Analysis of Natural Killer cell functions in patients with hereditary hemochromatosis

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Vivian Bönnemann
Maren Claus
Barbara Butzeck
Daniela Collette
Peter Bröde
Klaus Golka
Carsten Watzl


Hereditary hemochromatosis (HH) is an autosomal-recessive disorder of the iron metabolism. Patients are typically affected by dysregulated iron levels, which can lead to iron accumulation within essential organs, such as liver, heart and pancreas. Furthermore, many HH patients are also afflicted by several immune defects and increased occurrence of autoimmune diseases that are linked to human homeostatic iron regulator protein (HFE) in the immune response. Here we examined immune cell phenotype and function in 21 HH patients compared to 21 healthy controls with a focus on Natural Killer (NK) cells. We observed increased basal and stimulated production of pro-inflammatory cytokines such as IL-1β or IL-18 in HH patients compared to healthy controls. However, we did not find major changes in the phenotype, the amount or the cytotoxic function of NK cells in HH patients. Instead, our data show a general decrease in the total number of granulocytes in HH patients (2774 ± 958 per μl versus 3457 ± 1122 per μl in healthy controls). These data demonstrate that NK cells of HH patients are not significantly affected and that the patients’ treatment by regular phlebotomy is sufficient to avoid systemic iron overload and its consequences to the immune system.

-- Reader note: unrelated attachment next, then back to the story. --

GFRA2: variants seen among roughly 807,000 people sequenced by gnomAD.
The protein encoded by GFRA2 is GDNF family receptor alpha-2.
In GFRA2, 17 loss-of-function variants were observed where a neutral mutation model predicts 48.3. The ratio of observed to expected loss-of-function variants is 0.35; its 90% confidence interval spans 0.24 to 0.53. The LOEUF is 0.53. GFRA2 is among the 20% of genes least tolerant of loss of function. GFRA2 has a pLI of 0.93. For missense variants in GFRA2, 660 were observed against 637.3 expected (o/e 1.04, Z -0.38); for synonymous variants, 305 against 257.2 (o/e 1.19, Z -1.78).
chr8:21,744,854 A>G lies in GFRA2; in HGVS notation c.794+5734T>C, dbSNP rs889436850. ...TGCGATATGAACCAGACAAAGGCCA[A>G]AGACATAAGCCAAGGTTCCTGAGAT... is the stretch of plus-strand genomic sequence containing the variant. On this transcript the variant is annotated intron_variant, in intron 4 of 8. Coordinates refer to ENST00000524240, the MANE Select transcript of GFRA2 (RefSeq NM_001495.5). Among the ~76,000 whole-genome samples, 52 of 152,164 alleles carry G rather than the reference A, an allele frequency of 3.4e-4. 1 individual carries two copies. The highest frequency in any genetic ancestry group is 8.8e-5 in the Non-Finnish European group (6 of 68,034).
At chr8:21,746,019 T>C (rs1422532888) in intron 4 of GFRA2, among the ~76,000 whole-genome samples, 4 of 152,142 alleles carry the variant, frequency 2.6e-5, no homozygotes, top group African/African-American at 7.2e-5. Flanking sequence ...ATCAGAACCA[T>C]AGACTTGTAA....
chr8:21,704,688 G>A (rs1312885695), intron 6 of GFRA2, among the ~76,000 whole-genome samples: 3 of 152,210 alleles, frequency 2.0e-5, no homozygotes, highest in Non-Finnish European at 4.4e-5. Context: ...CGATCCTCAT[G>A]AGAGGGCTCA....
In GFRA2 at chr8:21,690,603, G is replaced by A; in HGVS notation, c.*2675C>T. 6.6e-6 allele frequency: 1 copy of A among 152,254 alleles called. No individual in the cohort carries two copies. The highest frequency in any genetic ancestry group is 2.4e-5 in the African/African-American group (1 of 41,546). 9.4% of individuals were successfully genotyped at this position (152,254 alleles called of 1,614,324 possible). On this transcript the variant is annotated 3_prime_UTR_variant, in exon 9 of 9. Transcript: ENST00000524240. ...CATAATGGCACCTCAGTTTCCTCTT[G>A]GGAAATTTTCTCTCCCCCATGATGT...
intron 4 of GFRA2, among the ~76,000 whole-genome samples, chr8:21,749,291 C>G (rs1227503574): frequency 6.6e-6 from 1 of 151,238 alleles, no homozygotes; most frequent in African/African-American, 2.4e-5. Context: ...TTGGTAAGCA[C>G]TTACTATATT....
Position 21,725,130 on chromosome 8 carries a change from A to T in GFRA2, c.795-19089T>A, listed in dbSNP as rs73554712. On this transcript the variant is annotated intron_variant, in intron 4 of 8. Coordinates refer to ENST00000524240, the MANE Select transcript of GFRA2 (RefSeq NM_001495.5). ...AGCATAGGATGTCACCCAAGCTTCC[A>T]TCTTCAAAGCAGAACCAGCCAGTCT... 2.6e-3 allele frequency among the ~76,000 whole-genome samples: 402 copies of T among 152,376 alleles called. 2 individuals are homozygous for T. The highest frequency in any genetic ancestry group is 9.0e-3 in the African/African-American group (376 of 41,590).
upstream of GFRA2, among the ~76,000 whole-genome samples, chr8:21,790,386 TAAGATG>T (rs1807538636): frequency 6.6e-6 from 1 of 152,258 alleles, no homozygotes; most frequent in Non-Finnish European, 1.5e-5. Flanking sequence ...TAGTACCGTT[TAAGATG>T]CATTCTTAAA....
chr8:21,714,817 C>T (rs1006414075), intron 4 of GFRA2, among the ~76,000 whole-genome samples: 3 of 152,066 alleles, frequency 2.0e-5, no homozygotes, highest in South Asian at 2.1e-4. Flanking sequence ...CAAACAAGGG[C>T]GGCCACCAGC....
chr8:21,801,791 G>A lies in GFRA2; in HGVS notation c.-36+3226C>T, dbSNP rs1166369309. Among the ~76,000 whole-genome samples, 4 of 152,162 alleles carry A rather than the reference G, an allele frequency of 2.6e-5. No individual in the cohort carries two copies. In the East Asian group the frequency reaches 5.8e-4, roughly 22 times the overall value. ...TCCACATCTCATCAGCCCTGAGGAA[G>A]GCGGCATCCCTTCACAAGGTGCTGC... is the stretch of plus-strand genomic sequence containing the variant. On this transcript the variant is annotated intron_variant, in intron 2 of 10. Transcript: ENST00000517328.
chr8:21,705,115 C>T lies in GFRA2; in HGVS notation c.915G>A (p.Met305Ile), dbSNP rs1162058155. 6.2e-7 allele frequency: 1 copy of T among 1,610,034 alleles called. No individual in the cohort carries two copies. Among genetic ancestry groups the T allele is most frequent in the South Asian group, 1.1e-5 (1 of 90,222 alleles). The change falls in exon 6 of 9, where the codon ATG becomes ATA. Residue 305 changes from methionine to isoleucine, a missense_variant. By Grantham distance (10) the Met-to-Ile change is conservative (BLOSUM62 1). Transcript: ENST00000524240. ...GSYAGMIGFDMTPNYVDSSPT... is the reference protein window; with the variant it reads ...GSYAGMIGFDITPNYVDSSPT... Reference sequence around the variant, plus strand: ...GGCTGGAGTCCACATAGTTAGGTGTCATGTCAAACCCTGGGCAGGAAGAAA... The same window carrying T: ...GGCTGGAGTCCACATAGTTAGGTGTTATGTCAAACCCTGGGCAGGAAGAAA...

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Bönnemann, V., Claus, M., Butzeck, B., Collette, D., Bröde, P., Golka, K., & Watzl, C. (2020). Analysis of Natural Killer cell functions in patients with hereditary hemochromatosis. EXCLI Journal, 19, 430-441.
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